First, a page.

It All Adds Up to ISLs, Mesh Networks
Simple math shows why 10G-BPS Fibre Channel speed matters a great deal for Inter-Switch Links.
To establish a 10G-bps link between two switches using standard 2G-bps Fibre Channel ports, an IT manager would have to dedicate five ports on each switch to generate an ISL trunk between them. On a small, entry-class switch such as QLogic Corp.s SANbox 5200, which has only 16 2G-bps ports to start with, doing so would consume nearly a third of the switchs ports just to set up a single ISL trunk.
Now imagine having to add a third switch to the mesh of this SAN (storage area network). In this scenario, the IT manager would need an extra five ports on each switch to complete the mesh, which would leave just six ports on each switch to hook in targets (storage devices) and initiators (servers and workstations).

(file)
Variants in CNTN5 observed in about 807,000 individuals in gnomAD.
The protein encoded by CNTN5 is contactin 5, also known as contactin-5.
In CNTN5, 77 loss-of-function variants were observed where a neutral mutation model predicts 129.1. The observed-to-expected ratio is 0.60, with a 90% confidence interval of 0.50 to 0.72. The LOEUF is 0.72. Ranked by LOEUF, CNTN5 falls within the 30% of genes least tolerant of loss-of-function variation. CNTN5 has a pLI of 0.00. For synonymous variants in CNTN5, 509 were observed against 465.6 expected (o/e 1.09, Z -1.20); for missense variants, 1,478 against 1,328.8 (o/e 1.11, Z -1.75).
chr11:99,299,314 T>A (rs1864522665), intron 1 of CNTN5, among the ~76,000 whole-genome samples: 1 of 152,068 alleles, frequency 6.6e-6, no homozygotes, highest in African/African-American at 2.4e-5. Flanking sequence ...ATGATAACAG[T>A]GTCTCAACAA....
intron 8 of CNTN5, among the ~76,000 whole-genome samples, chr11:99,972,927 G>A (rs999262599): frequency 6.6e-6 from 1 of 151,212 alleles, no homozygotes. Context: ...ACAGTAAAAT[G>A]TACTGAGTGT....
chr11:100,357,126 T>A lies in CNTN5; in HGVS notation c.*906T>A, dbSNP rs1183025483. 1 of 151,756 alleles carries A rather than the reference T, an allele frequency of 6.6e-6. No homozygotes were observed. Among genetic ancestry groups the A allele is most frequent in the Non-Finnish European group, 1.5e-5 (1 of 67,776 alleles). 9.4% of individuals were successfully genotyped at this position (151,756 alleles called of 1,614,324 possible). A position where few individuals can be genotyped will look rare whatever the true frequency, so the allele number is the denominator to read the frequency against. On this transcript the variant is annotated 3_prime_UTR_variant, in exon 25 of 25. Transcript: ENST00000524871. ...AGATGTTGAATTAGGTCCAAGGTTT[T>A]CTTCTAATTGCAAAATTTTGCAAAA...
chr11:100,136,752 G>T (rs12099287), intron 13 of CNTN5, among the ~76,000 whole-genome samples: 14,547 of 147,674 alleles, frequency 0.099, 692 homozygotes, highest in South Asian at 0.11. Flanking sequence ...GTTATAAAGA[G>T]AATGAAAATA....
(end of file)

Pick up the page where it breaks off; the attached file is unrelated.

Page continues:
By using the 10G-bps ISLs on the SANbox 5200 (four 10G-bps ports per switch), an IT manager can easily create a five-switch mesh network without using any 2G-bps Fibre Channel switch ports. This would allow managers to slowly expand their SAN projects simply by stacking more SAN switches to satisfy their need for higher port counts.
With 10G-bps ISL ports, QLogics SANbox 5200 Fibre Channel switch is a capable unit for deploying a group of shared storage resources. For example, an IT manager can use the SANbox 5200 to link 16 libraries and tape drives on the 2G-bps Fibre Channel ports and use the ISL ports to hook to switches with servers attached to them.
Using the SANbox 5200s zone management software on the ISLs, IT managers control which servers have access to the storage resources at any given time. This should make storage resource sharing an easier chore.